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Thursday, Sept. 22, 2005

The Bard in abundance in Edo Japan


Special to The Japan Times

After four hours rejoicing in my seat as I watched "Tempo 12-nen no Shakespeare (Shakespeare in the 12th year of Tempo)" at the Theatre Cocoon, had I been wearing one I would have taken off my hat to the team who delivered the marvelous, grand-scale production -- director Yukio Ninagawa, writer Hisashi Inoue, music director Ryudo Uzaki and the entire, accomplished cast.

News photo
Hisashi Inoue's "Tempo 12-nen no Shakespeare" at Theatre Cocoon (above); Toshiaki Karasawa as Miyoji and Ryoko Shinohara as Omitsu PHOTOS COURTESY OF THEATRE COCOON
News photo

Beforehand, this production had always been one to look forward to, though I had worried whether such a deluxe lineup of talents would be able to combine successfully to realize their potential. But from the very start, it was obvious that the world-renowned 69-year-old Ninagawa had worked his magic on 70-year-old Inoue's epic -- a single play that combines all 37 of Shakespeare's plays into one story.

Set in 1841, the 12th year of the Tempo Era in the late Edo Period, "Tempo 12-nen no Shakespeare" was first staged in 1974, but as it was then five hours long, its success was marred by many audience members having to leave before the end to catch last trains. Then in 2002, director Hidenori Inoue's rock music staging overwhelmed the heady theatrical cocktail's sublime flavor.

This time around, however, the play has been given a needed edit by Inoue, and Ninagawa grabs us right from the start with a roaring pace that never slackens. He begins his version of the play in Shakespeare's own Globe Theatre, as peasants charge the stage carrying buckets on poles and dismantle the Globe's main pillars as they sing, "If William Shakespeare had never lived . . . so many people would never have received English Literature PhDs . . . theater producers would have been denied full-house bonuses." By both acclaiming the Bard's genius and symbolically demolishing the pillars, Ninagawa immediately signals what he's about -- deconstructing Shakespeare to create a decidedly Japanese work.

After this boisterously staged entry, Ninagawa lets Inoue's storytelling take over: first is an episode from "King Lear" in which Kotaro Yoshida's Lord Buri no Jubei (the counterpart to Shakespeare's King Lear) has decided to distribute his estate to his three daughters, Keiko Takahashi's Ofumi (Goneril), Mari Natsuki's Osato (Regan) and Ryoko Shinohara's Omitsu (Cordelia).

Lord Buri no Jubei's youngest, Omitsu, leaves home after refusing to compete with her sisters for his love, so he divides his estate between the other two, who quickly start to scheme against one another, with love affairs and bloody murders destroying all harmony. Then Jubei/Lear is mistakenly killed, like Polonius in "Hamlet," by Oze no Makubei (Masanobu Katsumura) the Macbeth-esque lover of Osato/Regan. Soon after, Ofumi's lover Kuroji (Tokuma Nishioka) kills her husband (Kuroji's older brother Monta, who Nishioka also plays), before marrying her. Ofumi's son, Kijirushi no Ouji (Tatsuya Fujiwara), falls into paranoia and murmurs several of the famous Japanese translations of the soliloquy "To be or not to be."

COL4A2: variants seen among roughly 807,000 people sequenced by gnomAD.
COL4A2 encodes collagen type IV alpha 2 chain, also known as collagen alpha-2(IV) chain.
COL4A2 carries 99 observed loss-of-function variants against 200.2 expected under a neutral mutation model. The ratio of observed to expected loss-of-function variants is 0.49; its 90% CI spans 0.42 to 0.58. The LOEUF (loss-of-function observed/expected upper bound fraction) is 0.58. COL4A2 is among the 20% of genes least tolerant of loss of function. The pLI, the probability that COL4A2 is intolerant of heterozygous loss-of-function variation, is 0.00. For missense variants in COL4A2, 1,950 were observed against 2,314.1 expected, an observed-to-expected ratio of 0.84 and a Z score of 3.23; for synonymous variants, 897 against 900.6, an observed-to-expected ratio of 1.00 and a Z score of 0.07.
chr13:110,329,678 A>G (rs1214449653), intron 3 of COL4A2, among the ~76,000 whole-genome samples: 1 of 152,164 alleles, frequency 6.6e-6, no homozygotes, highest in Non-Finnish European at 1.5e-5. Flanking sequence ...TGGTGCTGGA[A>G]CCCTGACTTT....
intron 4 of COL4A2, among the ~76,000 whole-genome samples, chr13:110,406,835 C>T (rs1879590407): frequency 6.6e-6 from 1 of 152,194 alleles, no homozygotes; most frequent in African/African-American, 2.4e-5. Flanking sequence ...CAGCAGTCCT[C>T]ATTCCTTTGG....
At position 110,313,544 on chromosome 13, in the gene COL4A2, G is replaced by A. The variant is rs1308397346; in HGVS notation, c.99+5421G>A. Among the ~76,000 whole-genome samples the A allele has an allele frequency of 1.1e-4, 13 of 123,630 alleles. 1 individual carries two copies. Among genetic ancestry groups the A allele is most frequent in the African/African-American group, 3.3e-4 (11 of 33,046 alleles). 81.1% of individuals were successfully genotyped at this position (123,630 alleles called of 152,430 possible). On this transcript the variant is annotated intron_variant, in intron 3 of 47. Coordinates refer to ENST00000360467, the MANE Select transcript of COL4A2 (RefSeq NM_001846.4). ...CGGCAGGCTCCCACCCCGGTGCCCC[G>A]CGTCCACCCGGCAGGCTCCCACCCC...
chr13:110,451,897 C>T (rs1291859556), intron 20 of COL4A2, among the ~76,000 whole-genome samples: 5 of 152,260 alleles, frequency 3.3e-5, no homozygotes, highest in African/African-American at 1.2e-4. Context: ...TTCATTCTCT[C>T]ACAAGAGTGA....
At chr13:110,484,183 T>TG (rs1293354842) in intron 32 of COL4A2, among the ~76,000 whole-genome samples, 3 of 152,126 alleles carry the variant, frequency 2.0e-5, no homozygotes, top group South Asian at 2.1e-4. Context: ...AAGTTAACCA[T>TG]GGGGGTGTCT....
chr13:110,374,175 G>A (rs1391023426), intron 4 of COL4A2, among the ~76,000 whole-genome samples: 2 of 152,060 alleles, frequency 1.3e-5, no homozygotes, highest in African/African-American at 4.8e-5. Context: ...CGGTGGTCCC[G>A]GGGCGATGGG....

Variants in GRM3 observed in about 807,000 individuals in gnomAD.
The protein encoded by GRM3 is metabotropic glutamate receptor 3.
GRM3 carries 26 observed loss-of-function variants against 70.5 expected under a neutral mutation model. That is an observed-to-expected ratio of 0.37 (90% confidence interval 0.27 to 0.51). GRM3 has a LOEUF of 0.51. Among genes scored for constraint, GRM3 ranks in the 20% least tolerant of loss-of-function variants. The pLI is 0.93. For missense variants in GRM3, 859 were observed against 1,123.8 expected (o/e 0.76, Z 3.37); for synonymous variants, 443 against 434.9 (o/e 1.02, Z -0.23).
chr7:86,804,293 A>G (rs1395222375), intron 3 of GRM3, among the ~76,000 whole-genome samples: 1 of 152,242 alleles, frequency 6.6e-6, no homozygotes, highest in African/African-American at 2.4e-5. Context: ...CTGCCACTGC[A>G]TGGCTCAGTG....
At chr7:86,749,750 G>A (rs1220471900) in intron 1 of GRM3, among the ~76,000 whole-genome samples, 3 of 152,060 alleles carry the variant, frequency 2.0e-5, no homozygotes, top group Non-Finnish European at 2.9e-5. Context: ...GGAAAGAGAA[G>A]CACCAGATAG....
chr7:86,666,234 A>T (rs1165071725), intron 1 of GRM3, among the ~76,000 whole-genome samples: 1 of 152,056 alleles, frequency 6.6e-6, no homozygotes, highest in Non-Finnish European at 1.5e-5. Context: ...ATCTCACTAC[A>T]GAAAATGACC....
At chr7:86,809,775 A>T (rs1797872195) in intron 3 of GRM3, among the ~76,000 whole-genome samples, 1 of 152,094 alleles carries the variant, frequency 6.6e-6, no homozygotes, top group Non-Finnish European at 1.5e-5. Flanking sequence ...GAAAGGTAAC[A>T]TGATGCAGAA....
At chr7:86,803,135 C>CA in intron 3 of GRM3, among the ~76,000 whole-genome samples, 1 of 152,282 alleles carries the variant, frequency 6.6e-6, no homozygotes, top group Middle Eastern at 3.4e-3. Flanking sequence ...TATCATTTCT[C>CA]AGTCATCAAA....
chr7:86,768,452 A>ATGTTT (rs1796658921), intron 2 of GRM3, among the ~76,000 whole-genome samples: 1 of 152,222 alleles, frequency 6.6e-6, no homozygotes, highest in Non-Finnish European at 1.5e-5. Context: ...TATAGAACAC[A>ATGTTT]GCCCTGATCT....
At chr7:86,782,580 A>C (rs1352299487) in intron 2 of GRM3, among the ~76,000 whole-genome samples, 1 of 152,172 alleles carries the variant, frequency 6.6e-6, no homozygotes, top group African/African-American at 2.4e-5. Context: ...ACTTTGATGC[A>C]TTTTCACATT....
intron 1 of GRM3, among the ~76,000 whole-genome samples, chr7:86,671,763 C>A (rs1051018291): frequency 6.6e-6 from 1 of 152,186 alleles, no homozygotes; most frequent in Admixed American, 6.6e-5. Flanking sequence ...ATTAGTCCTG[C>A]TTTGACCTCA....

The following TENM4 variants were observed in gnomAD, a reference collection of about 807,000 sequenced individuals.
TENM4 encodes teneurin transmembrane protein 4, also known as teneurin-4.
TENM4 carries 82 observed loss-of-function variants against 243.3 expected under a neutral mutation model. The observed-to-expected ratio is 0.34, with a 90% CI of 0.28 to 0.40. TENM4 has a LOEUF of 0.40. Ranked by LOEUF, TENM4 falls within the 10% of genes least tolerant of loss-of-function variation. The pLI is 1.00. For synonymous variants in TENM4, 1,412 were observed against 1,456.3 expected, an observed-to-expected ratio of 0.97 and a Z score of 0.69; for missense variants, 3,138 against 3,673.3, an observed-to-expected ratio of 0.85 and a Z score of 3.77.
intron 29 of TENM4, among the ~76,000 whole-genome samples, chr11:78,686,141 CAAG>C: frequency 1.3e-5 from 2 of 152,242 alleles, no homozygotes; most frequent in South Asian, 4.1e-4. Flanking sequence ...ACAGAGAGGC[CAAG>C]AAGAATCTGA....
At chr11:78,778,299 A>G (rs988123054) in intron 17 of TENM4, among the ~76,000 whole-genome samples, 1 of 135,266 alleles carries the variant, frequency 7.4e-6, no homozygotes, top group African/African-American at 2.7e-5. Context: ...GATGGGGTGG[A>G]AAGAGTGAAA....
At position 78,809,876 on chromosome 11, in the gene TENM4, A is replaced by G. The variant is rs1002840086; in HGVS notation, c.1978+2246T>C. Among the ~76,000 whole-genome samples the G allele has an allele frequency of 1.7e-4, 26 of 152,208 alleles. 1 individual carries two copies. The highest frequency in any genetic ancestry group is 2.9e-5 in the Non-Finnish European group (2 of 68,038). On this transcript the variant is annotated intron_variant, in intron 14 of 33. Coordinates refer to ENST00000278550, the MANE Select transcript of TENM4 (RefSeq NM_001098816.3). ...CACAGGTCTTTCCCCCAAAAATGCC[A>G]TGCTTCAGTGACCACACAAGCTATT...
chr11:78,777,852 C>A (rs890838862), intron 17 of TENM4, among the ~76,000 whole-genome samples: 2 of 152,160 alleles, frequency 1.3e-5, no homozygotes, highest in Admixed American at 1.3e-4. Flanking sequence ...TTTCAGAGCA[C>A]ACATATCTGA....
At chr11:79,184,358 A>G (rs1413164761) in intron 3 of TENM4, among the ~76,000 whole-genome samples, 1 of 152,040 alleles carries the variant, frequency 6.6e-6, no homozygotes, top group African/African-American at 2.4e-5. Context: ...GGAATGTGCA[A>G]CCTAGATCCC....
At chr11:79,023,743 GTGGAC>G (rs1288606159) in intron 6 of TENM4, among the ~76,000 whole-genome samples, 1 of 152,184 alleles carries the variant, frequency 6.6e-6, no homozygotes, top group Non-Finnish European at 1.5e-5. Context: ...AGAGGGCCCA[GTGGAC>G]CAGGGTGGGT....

From "Hamlet" it's on to the doomed romance of "Romeo and Juliet," the mistaken identity of "Twelfth Night" and "The Comedy of Errors," and the political drama of "Richard III." It is wonderful to behold how Inoue weaves his plot through borrowed episodes and transformed characters -- for example, Toshiaki Karasawa's Sado no Miyoji (Richard III) isn't a deformed aristocrat but a farmer whose back is hunched due to hard work. His rise to power, though, is the pure dark scheming of Iago from "Othello."

Building on the universals in Shakespeare's plays, Inoue does more than illuminate human nature through the prism of the Edo Period. His imaginative sampling creates a dramatic masterpiece that is richly inspired. Shakespeare experts and novices will be pleased with his success, where many have failed, in cleverly incorporating Japanese linguistic riddles that mimic Shakespeare's sublime way with the English language.

While the actors all gave excellent performances, it was the actresses who really stood out. Takahashi and Natsuki's fatal rivalry as Lear's daughters was something to witness, while Ryoko Shinohara was outstanding in a dual role and Kayoko Shiraishi brought tremendous presence to one of Macbeth's witches. Above all, Tomoko Mariya's brilliant, sensitive portrayal of Ofuyu (Ophelia) as she loses her mind after being spurned by Ouji (Hamlet) left this reviewer longing for the day when she plays that part in full.

Although Ninagawa has had his share of detractors over the years, in this current production he has polished Inoue's great tale close to perfection. In addition, he has made Shakespeare easily accessible by coaxing markedly clear deliveries from his 43-strong cast and using electronic displays to show the lyrics of the 15 riddle-ridden songs arranged by pop music producer Ryudo Uzaki. His recent production of "Twelfth Night" at the Kabukiza has obviously influenced him -- in "Tempo 12-nen no Shakespeare" he uses a wide, flat stage and hayagawari (quick costume changes) to allow actors to play multiple roles. Cherry trees as part of the scenery, kimono as costumes and moveable tatami-style areas as sets all highlight the Japanese nature of the production. Still, Ninagawa restores the Globe's pillars in the end, closing this magnificent window on Japan and paying homage to the Bard, who, after all, made it all possible.

"Tempo 12-nen no Shakespeare" runs till Oct. 22 at Theatre Cocoon, an 8-minute walk from JR Shibuya Station. For more details, call (03) 3477-9999 or visit www.bunkamura.co.jp


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